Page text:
Klay Thompson erupted for 60 points in just 3 quarters of play against the Indiana Pacers on Tuesday night, the most points scored this NBA season and most since Kobe Bryant scored 60 in his farewell game to close out the 2015-16 season against the Jazz.
Klay’s 60 point performance is immediately compared to another one of Kobe’s historic games in which he scored 62 points in 3 quarters against the Dallas Mavericks back on December 20, 2005.
In both games the victory was well in hand which, unfortunately for us basketball fans, prevented both Klay and Kobe from having to enter the game in the 4th quarter and add to their momentous games. Back in that 2005 game, the Lakers were up 95 to 61 on the Mavs at the end of the 3rd quarter, a 34 point lead. Similarly, the Warriors were up by 33 points against the Pacers to end the 3rd quarter on Tuesday (116-83 lead).
Both players were scorching hot from the field but there was a big difference in how Klay and Kobe got their points in their games.
Klay amassed a big portion of his point total from hitting shots from the perimeter, knocking down 21 field goals including 8 3-pointers; whereas Kobe did a lot of damage from the charity stripe, hitting 22 of 25 free throws.
Neither player did much to spread the ball around in their respective games; Klay registered just 1 assist and Kobe ended his game with none. Taking into consideration just how hot both players were it is completely understandable that they were attacking relentlessly on the offense end.
Kobe did a little bit more in his game, finishing with 8 rebounds and 3 steals compared to Klay’s 2 rebounds in his game.
Incredibly impressive is that both games the point totals were scored in a very limited amount of time but in the interest of comparing Klay has the slight edge having played 29 minutes compared to Kobe who played a bit more with nearly 33 minutes in his game.
A bigger disparity between both games is found in the percentage of their respective teams’ points. In Klay’s game the Warriors were far more productive as a team and playing at a much faster pace, scoring 116 points; Klay accounted for just a shade more than half (52 percent) of his team’s points. Conversely, the Lakers outside of Kobe were not playing well. Kobe’s 62 points after 3 accounted for 65 percent of his team’s point total and he actually outscored the Mavs by himself (61 points by the Mavs after 3 quarters).
In terms of strength of opponent Kobe’s match-up against the Dirk Nowitzki led Dallas Mavericks who were 18-7 at the time and on their way to represent the Western Conference in the NBA Finals that season was far more impressive than Klay’s match-up against the Indiana Pacers who came in with a .500 winning percentage and currently outside of the playoff picture in the Eastern Conference.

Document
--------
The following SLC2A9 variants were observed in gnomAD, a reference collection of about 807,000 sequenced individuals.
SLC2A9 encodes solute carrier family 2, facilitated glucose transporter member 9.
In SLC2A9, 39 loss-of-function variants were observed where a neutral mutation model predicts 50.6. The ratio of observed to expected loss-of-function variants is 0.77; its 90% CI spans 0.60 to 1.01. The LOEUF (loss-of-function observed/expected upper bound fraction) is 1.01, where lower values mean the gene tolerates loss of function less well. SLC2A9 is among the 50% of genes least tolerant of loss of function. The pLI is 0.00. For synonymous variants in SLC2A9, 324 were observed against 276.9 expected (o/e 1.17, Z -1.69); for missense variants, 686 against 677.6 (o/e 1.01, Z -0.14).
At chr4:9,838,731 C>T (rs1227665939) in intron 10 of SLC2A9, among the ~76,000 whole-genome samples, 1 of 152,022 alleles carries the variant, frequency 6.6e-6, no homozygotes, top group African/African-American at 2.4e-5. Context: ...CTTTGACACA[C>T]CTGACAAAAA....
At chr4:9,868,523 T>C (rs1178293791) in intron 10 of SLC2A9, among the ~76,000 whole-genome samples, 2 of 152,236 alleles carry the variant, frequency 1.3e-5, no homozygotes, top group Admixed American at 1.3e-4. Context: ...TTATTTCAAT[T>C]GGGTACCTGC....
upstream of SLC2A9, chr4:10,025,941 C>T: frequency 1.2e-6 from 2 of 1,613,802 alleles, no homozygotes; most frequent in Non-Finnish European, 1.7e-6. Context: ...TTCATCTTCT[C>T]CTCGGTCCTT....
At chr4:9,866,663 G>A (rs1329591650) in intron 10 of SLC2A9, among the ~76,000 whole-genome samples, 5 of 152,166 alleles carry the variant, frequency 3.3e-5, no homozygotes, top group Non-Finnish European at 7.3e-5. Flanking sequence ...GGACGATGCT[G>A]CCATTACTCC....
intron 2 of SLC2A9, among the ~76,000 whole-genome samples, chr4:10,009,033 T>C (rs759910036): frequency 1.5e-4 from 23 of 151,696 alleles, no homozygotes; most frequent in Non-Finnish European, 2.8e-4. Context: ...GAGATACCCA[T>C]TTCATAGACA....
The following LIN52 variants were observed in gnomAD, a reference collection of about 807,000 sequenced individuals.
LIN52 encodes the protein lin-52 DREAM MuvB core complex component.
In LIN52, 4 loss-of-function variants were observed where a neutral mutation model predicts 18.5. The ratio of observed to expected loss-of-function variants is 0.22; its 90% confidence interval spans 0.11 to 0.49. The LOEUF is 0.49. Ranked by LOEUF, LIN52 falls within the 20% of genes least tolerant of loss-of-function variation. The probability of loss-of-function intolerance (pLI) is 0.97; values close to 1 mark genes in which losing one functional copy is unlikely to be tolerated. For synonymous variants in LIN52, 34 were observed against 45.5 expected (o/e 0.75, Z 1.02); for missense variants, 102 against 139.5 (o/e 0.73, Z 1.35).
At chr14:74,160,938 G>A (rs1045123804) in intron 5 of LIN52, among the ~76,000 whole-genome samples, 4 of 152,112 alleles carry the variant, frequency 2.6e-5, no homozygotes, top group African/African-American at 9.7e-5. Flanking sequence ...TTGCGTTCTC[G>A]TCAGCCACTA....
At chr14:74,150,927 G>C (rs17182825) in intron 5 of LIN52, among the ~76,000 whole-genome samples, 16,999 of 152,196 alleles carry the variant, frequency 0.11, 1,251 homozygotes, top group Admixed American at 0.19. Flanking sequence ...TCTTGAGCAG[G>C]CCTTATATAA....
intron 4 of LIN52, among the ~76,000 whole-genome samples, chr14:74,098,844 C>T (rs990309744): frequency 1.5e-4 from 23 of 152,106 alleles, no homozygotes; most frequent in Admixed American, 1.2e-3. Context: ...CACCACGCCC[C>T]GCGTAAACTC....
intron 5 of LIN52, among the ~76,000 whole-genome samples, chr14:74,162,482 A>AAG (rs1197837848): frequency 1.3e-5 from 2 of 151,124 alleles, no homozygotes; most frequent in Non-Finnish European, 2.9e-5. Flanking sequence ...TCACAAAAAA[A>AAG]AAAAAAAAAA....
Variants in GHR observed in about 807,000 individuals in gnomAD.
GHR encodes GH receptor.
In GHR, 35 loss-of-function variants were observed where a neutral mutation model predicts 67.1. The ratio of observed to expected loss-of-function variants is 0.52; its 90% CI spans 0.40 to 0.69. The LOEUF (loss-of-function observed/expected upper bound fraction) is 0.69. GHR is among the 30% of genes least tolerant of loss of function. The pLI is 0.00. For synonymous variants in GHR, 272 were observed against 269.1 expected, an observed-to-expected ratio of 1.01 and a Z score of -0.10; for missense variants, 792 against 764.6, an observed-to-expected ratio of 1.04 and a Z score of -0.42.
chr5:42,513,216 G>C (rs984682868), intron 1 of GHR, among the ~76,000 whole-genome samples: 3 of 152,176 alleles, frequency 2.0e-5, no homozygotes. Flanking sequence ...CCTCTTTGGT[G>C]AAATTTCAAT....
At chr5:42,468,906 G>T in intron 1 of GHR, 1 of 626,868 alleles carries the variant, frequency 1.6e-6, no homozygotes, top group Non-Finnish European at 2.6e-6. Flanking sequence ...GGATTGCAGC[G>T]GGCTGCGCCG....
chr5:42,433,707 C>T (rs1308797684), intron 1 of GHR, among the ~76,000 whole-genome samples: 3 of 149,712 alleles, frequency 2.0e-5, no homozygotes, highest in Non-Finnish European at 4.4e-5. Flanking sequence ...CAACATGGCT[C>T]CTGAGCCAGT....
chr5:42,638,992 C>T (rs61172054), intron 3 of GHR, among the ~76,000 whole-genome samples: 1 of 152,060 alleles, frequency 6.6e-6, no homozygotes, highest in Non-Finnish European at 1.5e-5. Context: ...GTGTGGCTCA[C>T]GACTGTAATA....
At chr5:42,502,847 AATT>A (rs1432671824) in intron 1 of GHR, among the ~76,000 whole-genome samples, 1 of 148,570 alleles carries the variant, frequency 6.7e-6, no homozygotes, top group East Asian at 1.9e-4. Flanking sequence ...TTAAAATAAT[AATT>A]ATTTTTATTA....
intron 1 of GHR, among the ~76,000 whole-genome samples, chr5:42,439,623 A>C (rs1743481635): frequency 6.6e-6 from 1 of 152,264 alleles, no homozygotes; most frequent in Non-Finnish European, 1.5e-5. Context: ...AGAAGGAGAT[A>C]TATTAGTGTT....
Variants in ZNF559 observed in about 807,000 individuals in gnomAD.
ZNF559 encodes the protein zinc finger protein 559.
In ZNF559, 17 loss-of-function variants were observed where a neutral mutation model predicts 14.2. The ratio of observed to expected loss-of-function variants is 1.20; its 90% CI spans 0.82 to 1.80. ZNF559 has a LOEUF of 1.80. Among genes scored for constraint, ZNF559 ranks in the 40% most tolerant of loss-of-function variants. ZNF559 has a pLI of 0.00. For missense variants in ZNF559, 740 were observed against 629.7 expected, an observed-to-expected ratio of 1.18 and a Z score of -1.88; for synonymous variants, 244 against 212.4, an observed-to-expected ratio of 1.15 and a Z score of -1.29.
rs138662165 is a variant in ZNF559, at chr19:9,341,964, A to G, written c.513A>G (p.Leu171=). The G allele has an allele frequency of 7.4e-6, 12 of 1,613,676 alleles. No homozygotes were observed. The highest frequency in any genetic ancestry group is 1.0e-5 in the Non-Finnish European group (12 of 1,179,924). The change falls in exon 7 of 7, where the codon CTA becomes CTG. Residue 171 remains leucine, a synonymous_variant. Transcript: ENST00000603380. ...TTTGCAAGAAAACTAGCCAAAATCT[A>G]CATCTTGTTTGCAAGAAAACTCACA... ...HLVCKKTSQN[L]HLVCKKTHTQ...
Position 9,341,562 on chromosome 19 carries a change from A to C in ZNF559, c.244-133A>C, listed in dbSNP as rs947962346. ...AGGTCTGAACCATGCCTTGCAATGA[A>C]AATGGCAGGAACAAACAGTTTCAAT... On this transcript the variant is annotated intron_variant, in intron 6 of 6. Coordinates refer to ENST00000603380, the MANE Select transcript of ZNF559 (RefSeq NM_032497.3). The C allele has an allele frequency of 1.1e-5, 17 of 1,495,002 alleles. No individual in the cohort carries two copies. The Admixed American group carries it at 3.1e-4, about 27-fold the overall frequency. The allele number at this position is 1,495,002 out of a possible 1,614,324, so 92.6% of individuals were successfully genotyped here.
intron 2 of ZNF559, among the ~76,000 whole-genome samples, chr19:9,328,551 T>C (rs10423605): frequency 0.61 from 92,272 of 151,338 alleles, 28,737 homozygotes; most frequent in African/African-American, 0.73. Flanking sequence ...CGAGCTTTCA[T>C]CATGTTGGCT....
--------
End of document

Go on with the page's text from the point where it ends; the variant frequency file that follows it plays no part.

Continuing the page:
Klay also had a much better supporting cast surround him which means his opponent had to account for his teammates that included former MVP’s Kevin Durant and Steph Curry, along with All-Star Draymond Green. Kobe didn’t quite have the benefit of playing with other stars that would draw attention away from him on his night with the likes of starters Smush Parker, Chris Mihm and Brian Cook surrounding him.
In the end both games were legendary and a part of NBA history but if we must compare Kobe’s game was more impressive considering the strength of his competition and that he did with a far inferior surrounding cast who did far less in his game compared to that of Klay Thompson.
What we did learn after Klay’s 60 point performance in 3 quarters is that we can no longer dismiss the possibility that a player can reach or even top another one of Kobe’s historic games, the 81 he scored against the Toronto Raptors. Kobe dropped 81 on the Raptors just 1 month after the 62 point performance against the Mavs.
Does that also mean that Klay’s 60 point game Tuesday is a precursor to an upcoming 80 point game or better? Is that how this works with scorers that have a propensity to epic offensive blow ups in games like Kobe and as we are now learning Klay Thompson? Unlikely, but at the very least we can safely say it is now plausible and we’ve identified the most likely candidate to pull it off.
Klay Thompson ‘s (via Basketball-Reference.com):
Kobe Bryant ‘s (via Basketball-Reference.com):
Writer & NBA fan who’s been hooked since the days of Magic v Bird. Love basketball debates without it ending in a knife fight. My BBall nickname: “Todo El Dia” (All Day.) Hit me up on Twitter @fullcourtfern or Instagram: @raining3sdotcom